The recognition of victims of the Krankenmorde is a recent phenomenon. The delay can be understood in terms of disparities in approached to the Nazi period between East and West Germany, denialism and resistance from the medical and nursing professions and the lingering stigma of illness and disability common to all cultures. In this presentation, the speakers will outline the post-war social and cultural processes of engagement with the Nazi period and how it serves as a template for parallel comparative and memorialisation processes in Australia.
Using the memorial sites located at former T4 killing centre at Pirna-Sonnenstein and the decentralised euthanasia centre at Großschweidnitz as exemplars, we will discuss how German historians and museologists commemorate not only this history, but also the present day importance of the Krankenmorde.
Associate Professor Michael Robertson is a Clinical Associate Professor of Mental Health Ethics at Sydney Health Ethics and a visiting Professorial Fellow at the Sydney Jewish Museum. He is an Approved Medical Specialist for the NSW Worker's Compensation Commission. His clinical work is in Occupational Psychiatry and Civil Forensic Psychiatry. He had worked previously in acute adult and community psychiatry for 20 years and had been a previous Head of Department of Psychiatry at the Royal Prince Alfred Hospital. He has previously coordinated a clinical service for survivors of psychological trauma.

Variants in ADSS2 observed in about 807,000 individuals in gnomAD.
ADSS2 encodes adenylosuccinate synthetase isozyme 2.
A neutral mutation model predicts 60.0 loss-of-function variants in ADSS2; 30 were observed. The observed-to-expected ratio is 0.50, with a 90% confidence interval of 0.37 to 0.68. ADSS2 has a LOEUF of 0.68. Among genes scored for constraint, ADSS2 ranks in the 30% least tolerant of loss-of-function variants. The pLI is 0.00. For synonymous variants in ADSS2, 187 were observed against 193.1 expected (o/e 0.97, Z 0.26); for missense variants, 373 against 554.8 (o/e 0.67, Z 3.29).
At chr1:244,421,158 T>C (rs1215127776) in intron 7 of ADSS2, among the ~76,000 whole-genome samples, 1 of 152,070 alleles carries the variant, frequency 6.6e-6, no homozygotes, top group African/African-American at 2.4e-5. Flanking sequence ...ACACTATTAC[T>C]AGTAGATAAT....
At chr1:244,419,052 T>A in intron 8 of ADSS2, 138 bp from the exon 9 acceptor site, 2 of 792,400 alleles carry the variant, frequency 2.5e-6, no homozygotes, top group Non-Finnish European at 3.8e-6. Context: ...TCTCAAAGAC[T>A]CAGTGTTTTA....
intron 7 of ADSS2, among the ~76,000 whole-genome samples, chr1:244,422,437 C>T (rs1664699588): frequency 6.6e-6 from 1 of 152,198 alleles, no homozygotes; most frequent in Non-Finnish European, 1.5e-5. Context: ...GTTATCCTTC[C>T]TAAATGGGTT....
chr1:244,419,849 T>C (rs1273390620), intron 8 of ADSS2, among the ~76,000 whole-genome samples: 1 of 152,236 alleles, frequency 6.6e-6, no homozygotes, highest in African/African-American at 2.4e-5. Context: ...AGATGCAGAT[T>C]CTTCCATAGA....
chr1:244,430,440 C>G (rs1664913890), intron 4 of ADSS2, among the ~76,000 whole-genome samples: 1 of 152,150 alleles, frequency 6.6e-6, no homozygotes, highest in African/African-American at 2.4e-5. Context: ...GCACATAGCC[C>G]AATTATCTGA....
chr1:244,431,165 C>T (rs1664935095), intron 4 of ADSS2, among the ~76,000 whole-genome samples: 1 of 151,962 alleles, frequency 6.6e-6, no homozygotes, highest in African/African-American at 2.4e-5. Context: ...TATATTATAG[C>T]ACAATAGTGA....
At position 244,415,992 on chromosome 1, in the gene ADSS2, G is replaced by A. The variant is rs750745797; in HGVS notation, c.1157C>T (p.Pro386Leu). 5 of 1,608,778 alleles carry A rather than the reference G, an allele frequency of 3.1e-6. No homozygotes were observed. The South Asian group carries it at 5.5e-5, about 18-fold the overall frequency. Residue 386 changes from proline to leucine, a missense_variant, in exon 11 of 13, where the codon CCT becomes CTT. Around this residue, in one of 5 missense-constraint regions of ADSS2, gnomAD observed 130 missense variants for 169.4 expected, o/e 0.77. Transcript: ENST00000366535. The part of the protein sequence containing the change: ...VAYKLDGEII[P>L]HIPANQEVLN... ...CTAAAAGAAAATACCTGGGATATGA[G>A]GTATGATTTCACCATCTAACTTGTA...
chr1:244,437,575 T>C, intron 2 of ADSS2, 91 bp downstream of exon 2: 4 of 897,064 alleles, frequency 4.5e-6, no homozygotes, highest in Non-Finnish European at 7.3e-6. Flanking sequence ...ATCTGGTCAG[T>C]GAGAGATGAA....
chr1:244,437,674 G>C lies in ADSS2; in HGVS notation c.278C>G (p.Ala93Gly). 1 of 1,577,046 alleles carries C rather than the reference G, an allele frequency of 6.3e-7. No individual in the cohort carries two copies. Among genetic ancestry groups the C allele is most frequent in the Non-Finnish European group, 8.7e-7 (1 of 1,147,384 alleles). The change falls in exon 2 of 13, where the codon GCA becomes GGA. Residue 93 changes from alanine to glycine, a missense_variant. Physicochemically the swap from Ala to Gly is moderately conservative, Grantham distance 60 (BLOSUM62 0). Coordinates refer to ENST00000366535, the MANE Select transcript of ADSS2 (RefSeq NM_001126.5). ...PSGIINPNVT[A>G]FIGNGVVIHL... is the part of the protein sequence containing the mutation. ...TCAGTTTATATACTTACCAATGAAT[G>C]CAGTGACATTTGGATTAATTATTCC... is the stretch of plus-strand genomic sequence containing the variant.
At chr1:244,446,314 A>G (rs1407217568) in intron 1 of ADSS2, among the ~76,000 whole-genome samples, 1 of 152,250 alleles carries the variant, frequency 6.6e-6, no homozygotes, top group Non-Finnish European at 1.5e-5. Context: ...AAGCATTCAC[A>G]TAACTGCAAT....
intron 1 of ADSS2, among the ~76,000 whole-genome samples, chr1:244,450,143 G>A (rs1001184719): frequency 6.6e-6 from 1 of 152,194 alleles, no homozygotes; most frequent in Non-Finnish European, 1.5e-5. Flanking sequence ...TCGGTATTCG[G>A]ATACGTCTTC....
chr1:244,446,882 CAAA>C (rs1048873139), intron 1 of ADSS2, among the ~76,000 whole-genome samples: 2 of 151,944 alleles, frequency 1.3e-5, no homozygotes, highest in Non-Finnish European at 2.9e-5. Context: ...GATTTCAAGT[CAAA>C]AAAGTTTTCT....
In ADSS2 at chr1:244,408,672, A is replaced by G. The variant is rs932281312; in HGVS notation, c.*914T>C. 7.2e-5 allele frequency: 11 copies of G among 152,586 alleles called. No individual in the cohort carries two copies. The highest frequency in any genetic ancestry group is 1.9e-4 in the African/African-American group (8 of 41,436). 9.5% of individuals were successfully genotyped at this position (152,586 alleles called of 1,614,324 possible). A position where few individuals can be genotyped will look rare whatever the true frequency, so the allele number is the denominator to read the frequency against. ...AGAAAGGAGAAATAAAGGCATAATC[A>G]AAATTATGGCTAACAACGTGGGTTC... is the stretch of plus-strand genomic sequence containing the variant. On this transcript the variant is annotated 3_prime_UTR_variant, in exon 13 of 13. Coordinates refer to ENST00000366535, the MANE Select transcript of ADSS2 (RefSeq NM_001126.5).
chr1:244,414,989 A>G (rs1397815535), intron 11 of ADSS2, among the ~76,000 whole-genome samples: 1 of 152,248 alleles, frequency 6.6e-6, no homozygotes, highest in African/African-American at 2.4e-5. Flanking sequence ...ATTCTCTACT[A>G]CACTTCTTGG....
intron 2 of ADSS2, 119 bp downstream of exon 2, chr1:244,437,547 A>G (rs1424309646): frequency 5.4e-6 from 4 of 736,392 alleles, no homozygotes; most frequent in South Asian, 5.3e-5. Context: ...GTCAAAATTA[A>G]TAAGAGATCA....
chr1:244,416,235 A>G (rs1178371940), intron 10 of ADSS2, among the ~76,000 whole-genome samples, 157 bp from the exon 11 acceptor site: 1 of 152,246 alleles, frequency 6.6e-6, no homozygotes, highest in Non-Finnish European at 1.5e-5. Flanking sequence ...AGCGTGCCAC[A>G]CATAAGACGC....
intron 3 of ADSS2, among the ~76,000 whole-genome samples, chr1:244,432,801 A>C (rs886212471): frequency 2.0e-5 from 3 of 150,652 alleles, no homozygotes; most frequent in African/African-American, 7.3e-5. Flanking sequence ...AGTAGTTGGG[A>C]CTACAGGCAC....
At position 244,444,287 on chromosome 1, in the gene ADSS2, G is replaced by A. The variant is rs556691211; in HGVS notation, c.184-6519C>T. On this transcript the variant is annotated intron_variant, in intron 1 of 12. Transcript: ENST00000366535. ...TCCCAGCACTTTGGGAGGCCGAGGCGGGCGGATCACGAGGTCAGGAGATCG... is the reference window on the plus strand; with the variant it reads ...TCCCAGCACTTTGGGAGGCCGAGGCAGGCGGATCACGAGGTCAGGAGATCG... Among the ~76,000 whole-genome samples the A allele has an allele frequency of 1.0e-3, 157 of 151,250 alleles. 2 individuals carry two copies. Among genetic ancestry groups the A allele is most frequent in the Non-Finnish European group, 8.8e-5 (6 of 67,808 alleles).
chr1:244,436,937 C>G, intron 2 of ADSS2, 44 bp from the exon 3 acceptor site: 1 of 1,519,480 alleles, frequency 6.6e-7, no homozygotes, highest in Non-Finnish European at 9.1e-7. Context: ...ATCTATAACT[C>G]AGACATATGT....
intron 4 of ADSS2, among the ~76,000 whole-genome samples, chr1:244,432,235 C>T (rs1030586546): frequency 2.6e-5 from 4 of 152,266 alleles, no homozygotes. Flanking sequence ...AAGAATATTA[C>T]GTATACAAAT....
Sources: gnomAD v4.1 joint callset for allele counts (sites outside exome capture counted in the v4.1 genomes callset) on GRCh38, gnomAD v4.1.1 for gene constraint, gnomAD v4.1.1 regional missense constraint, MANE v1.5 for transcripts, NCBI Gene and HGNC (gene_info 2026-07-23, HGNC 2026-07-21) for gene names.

Dr Darren O’Brien is Honorary Senior Research Fellow, School of Historical and Philosophical Inquiry, University of Queensland; Adjunct Lecturer, The University of Sydney Susan Wakil School of Nursing and Midwifery; Chair of the Australian Institute for Holocaust and Genocide Studies; Director of the Australian Stumbling Stones project and Director, Respiratory and Sleep Sciences, Royal Brisbane and Women’s Hospital. He has been teaching, researching and writing in the field of Holocaust and comparative genocide studies for thirty years.
Christoph Hanzig is an historian at the Hannah Arendt Institute for Totalitarianism Studies (HAIT) in Dresden, Germany. He completed a Bachelor's Degree in History, Philosophy and Humanities at the TU Dresden in 2012, a Master's Degree in Newer/Newest History and Saxon Regional History at the TU Dresden in 2014, and since 2020 has been a PhD student at the HAIT, with a project about the Saxon Nazi press and its editors financed by a scholarship from the Federal State of Saxony. From 2014-2017 he was a freelance historian and from 2017-2020 a research assistant at the HAIT.